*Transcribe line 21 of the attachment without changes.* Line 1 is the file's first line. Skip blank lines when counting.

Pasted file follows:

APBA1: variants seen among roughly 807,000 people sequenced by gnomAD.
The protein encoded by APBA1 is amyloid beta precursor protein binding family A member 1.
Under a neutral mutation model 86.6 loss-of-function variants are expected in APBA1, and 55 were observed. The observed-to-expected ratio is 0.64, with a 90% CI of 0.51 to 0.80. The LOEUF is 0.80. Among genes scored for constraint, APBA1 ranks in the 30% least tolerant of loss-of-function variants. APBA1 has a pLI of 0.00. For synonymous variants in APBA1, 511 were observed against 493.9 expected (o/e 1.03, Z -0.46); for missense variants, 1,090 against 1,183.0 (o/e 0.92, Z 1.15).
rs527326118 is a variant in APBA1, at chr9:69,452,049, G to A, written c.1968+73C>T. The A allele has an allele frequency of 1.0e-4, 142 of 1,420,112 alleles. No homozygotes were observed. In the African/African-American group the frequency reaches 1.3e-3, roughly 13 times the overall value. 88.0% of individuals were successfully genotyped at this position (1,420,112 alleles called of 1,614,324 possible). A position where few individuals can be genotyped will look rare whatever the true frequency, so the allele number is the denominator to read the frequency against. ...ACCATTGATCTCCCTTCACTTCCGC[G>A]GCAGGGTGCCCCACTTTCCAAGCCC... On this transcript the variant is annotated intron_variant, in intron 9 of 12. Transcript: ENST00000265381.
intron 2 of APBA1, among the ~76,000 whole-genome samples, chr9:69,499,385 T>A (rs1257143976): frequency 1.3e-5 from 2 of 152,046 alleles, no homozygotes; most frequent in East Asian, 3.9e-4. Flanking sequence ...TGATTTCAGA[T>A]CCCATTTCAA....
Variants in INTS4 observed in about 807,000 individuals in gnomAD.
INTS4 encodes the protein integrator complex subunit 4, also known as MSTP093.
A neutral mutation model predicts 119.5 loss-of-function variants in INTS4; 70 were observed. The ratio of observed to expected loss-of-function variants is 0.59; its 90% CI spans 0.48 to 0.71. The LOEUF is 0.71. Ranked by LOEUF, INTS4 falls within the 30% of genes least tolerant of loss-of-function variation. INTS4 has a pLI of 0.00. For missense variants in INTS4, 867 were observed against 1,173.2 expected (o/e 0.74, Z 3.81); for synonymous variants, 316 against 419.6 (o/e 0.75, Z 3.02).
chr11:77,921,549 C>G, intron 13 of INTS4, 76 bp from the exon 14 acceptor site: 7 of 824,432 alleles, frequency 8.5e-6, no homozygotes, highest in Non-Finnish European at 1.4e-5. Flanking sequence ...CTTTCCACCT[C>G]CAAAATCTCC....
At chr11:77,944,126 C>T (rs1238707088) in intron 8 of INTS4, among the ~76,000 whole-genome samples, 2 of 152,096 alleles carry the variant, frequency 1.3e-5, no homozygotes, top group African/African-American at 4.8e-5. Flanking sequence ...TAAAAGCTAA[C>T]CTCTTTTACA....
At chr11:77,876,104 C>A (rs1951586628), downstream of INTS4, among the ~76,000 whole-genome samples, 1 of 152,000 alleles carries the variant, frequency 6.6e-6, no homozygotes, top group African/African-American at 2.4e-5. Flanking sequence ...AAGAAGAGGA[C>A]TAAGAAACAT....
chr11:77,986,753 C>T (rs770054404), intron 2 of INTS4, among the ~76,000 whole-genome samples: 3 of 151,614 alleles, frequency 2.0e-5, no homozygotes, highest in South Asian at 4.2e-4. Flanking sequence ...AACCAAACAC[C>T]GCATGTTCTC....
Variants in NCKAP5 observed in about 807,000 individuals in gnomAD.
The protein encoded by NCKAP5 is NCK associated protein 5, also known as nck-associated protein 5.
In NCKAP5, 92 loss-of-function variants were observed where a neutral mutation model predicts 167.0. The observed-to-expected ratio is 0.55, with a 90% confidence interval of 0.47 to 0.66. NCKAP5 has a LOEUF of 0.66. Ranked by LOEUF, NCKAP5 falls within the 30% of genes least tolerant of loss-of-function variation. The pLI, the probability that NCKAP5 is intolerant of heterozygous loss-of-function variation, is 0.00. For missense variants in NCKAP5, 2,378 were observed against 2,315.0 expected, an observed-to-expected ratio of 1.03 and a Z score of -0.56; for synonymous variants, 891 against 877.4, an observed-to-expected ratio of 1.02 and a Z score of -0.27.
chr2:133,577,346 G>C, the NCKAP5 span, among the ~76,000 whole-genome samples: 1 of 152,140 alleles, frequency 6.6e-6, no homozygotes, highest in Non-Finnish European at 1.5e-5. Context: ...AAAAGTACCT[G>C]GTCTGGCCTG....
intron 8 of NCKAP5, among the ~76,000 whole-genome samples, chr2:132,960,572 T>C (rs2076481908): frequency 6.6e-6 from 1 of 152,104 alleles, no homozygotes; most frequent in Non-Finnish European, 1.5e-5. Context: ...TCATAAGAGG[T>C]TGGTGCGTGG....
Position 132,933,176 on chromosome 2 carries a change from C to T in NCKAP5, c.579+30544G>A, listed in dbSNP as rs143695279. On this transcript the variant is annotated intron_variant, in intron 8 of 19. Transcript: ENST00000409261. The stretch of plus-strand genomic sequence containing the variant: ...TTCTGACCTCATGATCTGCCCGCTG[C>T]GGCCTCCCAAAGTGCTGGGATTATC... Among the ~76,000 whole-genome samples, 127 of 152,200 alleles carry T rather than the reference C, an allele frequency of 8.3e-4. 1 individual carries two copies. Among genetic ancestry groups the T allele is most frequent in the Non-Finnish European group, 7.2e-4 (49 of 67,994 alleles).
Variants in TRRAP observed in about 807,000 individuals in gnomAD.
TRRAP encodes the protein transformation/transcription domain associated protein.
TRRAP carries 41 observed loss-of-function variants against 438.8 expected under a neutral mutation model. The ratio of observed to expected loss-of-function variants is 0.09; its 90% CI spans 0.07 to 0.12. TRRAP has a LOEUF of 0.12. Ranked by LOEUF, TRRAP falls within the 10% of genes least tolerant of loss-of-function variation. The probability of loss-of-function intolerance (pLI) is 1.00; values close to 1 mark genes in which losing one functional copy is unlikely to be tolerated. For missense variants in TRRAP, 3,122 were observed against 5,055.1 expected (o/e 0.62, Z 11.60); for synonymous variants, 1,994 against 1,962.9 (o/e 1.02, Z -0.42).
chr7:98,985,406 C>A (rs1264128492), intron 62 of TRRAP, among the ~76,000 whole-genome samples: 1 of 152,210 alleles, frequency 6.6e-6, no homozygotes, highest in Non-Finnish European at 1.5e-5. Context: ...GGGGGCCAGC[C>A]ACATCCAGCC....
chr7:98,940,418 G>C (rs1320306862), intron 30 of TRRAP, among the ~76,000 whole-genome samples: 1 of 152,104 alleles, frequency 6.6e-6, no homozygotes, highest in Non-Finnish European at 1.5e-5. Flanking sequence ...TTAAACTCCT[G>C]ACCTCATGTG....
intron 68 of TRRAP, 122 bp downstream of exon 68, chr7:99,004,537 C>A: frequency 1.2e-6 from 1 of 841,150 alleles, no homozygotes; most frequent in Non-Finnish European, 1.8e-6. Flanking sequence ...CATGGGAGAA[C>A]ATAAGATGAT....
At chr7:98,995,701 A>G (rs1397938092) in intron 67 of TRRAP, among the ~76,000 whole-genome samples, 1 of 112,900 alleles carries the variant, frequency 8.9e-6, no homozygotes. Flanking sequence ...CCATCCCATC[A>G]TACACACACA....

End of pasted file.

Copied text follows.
TRRAP carries 41 observed loss-of-function variants against 438.8 expected under a neutral mutation model. The ratio of observed to expected loss-of-function variants is 0.09; its 90% CI spans 0.07 to 0.12. TRRAP has a LOEUF of 0.12. Ranked by LOEUF, TRRAP falls within the 10% of genes least tolerant of loss-of-function variation. The probability of loss-of-function intolerance (pLI) is 1.00; values close to 1 mark genes in which losing one functional copy is unlikely to be tolerated. For missense variants in TRRAP, 3,122 were observed against 5,055.1 expected (o/e 0.62, Z 11.60); for synonymous variants, 1,994 against 1,962.9 (o/e 1.02, Z -0.42).